The case may be different in Cambodia, but in India we are tied to scientific practices. It seems we are still not prepared to incorporate traditional knowledge into the present system.

D P Agarwal

Purani Gubri Road, Muzzafarpur

The illustration shown in the article 'Chinese aggro' is impressive. It resembles the attitude of Indian farmers against their Chinese counterparts. Agriculture has become fully dependent on various agro-chemicals and farm machineries in several parts of India. This has led to farmers leading a lethargic and sedentary lifestyle. As a result, there has been a definite shift in their attitude.

Growing dependence on pesticides, insecticides, herbicides and fungicides and other chemical inputs has vastly increased costs and credit demand. No wonder the suicide rate among farmers has gone up.

Sacchidananda Mukherjee


In the article 'Minding the mining' (Down To Earth, May 31, 2006), we reported that there are 30 non-fatal but disabling accidents per tonne of mineral extracted from the ground, and one death per 2.5 tonnes. We were mistaken, the actual figure is one death per 2.5 million tonnes....

Fish burn out

People found dead fish floating in wells in a village near Thiruchengodu few days ago. Authorities tested samples of water, but found there was nothing present in it that could have been fatal for the fish. Moreover, such fish have always always been found in wells. What has actually happened is that due to high temperatures the water has heated up considerably and caused the deaths. Climate change,it now seems has incontrovertibly come to stay.

A Arivalagan

Pick of the Postbag

Media power
I am an avid reader of Down To Earth and this is in reference to the editorial 'Old-style corruption better?' (Down To Earth, May 15, 2006). I refer to it as "legalisation of corruption" and it is going on in all democratic countries that I know of.

In Canada, subtle changes in obscure laws and regulations such as the "financial administration act" or the "government contract regulations" make it legal for governments to award large share of contracts without any bidding at all. It sometimes allows a minister to award contract to a company of his choice. Other changes have ensured that civil servants who carry out these practices are effectively gagged.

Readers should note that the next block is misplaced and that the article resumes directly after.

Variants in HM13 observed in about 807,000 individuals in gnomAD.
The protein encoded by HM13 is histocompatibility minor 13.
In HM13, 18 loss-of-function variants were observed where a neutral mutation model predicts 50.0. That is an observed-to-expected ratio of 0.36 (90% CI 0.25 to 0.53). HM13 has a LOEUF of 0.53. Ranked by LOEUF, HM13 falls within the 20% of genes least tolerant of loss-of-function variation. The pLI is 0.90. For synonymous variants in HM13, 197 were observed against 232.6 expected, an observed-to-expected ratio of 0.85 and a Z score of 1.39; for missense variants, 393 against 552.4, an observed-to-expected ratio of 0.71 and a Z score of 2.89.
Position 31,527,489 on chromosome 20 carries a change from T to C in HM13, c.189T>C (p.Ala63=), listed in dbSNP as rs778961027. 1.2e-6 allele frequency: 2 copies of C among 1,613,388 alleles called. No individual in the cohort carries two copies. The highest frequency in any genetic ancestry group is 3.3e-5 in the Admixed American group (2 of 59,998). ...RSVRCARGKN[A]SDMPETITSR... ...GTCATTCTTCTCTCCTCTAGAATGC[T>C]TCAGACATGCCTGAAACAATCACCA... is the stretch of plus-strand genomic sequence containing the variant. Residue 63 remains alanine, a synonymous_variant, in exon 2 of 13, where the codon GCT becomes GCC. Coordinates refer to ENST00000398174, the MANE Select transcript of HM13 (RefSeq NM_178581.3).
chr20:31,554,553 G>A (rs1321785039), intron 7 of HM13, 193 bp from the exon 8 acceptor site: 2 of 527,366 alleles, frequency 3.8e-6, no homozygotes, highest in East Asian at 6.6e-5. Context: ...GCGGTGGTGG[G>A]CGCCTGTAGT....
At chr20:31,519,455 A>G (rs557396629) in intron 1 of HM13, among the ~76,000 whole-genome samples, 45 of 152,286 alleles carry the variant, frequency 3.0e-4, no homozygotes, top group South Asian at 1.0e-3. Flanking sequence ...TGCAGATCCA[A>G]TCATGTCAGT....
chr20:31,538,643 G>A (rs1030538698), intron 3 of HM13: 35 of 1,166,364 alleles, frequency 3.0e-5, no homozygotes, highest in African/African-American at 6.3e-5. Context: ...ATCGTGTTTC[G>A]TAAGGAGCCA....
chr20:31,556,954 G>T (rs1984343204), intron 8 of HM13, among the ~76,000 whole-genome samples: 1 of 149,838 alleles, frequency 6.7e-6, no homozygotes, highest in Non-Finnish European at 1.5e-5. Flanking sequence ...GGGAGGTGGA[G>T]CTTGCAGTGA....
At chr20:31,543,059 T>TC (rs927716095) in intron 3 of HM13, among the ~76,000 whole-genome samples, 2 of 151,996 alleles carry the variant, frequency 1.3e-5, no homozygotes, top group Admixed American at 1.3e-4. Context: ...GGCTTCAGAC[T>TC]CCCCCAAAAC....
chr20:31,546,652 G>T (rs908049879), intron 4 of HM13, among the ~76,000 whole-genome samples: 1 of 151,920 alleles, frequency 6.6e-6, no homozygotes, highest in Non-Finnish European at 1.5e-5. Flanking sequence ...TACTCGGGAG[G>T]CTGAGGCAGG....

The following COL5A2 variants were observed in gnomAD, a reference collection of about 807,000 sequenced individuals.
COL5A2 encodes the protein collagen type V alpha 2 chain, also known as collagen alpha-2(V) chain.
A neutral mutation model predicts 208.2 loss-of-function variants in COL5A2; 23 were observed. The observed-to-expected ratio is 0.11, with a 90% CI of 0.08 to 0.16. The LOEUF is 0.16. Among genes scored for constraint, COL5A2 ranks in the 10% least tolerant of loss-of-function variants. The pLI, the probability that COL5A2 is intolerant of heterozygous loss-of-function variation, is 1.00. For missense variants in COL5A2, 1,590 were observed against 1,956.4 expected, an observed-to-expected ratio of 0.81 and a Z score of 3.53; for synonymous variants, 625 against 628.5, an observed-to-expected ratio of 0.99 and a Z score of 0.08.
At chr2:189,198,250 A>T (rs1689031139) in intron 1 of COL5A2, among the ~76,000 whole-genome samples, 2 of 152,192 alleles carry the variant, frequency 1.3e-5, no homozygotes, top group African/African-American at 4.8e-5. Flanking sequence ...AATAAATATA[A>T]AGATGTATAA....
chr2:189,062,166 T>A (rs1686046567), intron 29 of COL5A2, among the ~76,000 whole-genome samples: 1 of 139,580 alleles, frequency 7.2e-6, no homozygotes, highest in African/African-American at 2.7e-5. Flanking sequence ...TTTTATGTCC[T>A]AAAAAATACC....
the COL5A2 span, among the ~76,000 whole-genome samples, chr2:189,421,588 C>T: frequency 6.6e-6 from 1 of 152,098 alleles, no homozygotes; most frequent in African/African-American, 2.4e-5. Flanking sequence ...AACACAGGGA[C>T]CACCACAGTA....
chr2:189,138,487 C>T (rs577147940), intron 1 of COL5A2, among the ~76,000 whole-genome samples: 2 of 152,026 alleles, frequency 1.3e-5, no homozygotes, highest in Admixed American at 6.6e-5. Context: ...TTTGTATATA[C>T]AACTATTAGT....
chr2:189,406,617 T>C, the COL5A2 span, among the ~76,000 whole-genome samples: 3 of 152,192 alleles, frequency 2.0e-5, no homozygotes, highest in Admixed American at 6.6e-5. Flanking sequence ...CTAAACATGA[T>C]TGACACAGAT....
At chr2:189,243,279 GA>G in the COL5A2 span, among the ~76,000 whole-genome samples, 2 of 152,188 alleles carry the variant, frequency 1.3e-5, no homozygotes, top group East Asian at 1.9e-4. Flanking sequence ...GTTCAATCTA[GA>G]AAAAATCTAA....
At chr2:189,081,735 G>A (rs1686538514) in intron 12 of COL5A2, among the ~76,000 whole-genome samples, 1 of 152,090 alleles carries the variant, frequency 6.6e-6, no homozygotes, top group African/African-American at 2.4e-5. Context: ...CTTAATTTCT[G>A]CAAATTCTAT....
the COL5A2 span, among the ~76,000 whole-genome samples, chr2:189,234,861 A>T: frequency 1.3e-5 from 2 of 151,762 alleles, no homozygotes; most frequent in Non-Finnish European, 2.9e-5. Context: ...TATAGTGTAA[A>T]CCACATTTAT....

The only ray of hope I see is the active involvement of media. Previously, the only medium that power structure found difficult to control was word of mouth and smuggled pamphlets, and in authoritarian countries they set up extensive counter-espionage administrations to deal with these. The first manifestation of the new media that I know of was the overthrow of the Shah in Iran, when cassettes (of the Ayatollah Khomeini's speeches) were smuggled, duplicated and then widely distributed in the country.

These, of course, have been replaced with the Internet and a magazine of your stature. The quality and thoughtfulness of your editorials is superior to the ones written in even the best of Canadian newspapers. Well thought-out and articulated editorials can be a powerful tool to bring about effective changes.

Frans Koch


I found the editorial 'Old-style corruption better?' extremely interesting. I belong to Bulgaria and must say the same thing is happening here as well. In fact, such things are happening all over the world.

The business world has developed its own vocabulary, mannerisms and action to give it a plush look. And all in the garb of doing social good -- taking care of people, environment, contributing to development and other such noble causes. The true colours, however, never come to light. Transparency is the casualty, courtesy company secrets, non-disclosure clauses and other judicial tricks.

In Bulgaria, we have a saying, "Come what may, there is always money involved. No matter what, money plays a key factor in every decision-maker's role. But it is also true that every action has an equal and opposite reaction. So, while greedy corporates may try to do things in a hush-hush manner, the fear of public disclosure will always be there. Moreover, articles such as yours help maintain a true balance.

Ivaylo Avramov